TOPS CARES | THE BAPTIST FELLOWSHIP CENTER

 

Established in 1914, Baptist Fellowship Center, BFC, serves hundreds of children and families each month through after-school programs, youth mentoring, family empowerment and support, and other community services. “We have ministries coming out of this building like you wouldn't believe,” said Rev. Matthew Smyzer, Jr., executive director of BFC.

For example, BFC’s After-School Reading Program has eight locations throughout Louisville. “If a child is not reading on grade level by fourth grade, he or she has an 85% chance of dropping out of high school,” he said.

In order to better serve the community, one of Rev. Smyzer’s taglines is "Collaboration and cooperation, not duplication." BFC collaborates with Jefferson County Public Schools and institutions of higher learning, Metro Louisville and state agencies, fellow churches, and many other organizations. We can collaborate and cooperate together and make a difference in the communities we serve,” he said.

Rev. Smyzer came to this position with a long history of leadership. He served as executive director of the organization from 2002 to 2014 and then served as the CEO of Metro Leadership Foundation until late 2018. “I was going to retire,” he said. And then the board of directors of Baptist Fellowship Center asked him to come back and serve again as executive director. He was delighted to do so, and has implemented a new concept and guiding principle. “Instead of a hand out, a hand up.”

Given the current situation of youth involvement in violence and gang activity, the latest project Rev. Smyzer is launching through BFC is Save Our Youth, SOY, as a mentoring program for young people ages 10 to 17 who have found themselves on the streets. The mentors themselves have been in that very situation, and they are teaching future generations about the importance of education, jobs, and citizenship. “I have convened a group of ex-offenders, 10 guys, who collectively would have 180 or so years of incarceration, that have paid their debt to society, who have a heart and a love to want to give back to the communities they at one time took much from,” he said.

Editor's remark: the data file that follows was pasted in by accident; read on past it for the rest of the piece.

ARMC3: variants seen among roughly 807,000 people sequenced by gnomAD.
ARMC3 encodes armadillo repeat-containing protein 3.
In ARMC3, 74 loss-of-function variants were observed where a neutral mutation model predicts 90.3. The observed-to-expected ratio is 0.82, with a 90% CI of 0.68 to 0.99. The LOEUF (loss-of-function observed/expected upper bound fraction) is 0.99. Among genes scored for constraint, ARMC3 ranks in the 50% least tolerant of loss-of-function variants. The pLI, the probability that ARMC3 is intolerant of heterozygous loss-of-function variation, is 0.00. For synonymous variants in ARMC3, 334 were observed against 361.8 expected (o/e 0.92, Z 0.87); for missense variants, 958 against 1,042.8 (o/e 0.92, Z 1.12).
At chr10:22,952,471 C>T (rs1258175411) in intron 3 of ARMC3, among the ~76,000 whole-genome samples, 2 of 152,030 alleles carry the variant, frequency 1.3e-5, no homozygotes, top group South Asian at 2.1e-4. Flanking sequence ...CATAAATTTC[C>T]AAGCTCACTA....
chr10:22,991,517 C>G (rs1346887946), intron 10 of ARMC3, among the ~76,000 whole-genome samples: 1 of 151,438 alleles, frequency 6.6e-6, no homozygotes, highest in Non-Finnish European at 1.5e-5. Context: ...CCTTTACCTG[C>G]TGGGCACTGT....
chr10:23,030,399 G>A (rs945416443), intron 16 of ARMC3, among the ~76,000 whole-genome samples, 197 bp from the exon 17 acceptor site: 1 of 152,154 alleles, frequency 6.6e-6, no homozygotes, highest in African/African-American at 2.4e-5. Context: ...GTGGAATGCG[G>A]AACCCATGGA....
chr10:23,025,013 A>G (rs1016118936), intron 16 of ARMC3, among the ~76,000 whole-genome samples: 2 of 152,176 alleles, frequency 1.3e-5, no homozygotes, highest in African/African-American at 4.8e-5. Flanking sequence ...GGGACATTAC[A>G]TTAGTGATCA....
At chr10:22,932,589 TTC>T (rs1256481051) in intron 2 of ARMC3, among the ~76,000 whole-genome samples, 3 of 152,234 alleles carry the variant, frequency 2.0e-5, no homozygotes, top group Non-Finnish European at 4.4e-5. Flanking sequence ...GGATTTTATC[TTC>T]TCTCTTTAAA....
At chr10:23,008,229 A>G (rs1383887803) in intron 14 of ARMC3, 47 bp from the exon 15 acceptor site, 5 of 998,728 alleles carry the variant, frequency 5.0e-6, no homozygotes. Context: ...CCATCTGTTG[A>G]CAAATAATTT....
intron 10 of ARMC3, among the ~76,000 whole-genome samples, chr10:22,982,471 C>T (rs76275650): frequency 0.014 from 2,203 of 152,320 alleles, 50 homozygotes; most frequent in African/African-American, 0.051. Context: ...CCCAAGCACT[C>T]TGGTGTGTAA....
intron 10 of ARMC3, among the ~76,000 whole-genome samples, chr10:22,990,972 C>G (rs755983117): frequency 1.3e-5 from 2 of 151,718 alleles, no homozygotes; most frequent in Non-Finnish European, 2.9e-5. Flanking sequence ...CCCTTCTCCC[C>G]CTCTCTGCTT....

One of the heartbreaking things Rev. Smyzer has witnessed has been seeing several grandparents choosing between buying their own prescription medicine or feeding the grandchildren they were taking care of. He reached out to Carol Baldwin with the Kentucky Prescription Assistance Program so that the program could be administered within the Baptist Fellowship Center. BFC prints out the paperwork for each qualified individual, who can then take it to their doctor to sign off and mail to the pharmaceutical company, who sends prescriptions to them for free or at a significantly reduced cost. “It's a state program many people don't know about,” he said.

Fuller Center for Housing, a spinoff from Habitat for Humanity, has its headquarters in the BFC building, so Rev. Smyzer is happy to collaborate and cooperate with them as they help renters become homeowners with an interest-free mortgage.

Rev. Smyzer has collaborative relationships with Simmons College of Kentucky and Jefferson County Public Schools to help anyone who’s interested get their GED. With a GED in hand, BFC can help students get enrolled in a 10-week certification program at Campbellsville University to become phlebotomy technicians and hirable at hospitals. Rev. Smyzer asked Campbellsville if they would be willing to let the students go on another five months to be certified as a medical assistant. The university agreed. “In less than 9 months, you went from no income, no job path, to making $40,000 a year,” he said.

Through Baptist Fellowship Center’s encouragement and collaboration, Campbellsville University has donated a $500 scholarship to 150 first graders each year since 2015.

Volunteer opportunities abound at BFC, from working with students and any of the center’s programming to monetary donations, from spearheading the clothes closet to replacing any of the building’s 128 windows that were originally installed in 1949. “My biggest need is a volunteer coordinator,” he said.


To donate or volunteer, visit Baptist Fellowship Center at bfcenterky.org


Posted on 2021-04-01 by Kathie Stamps
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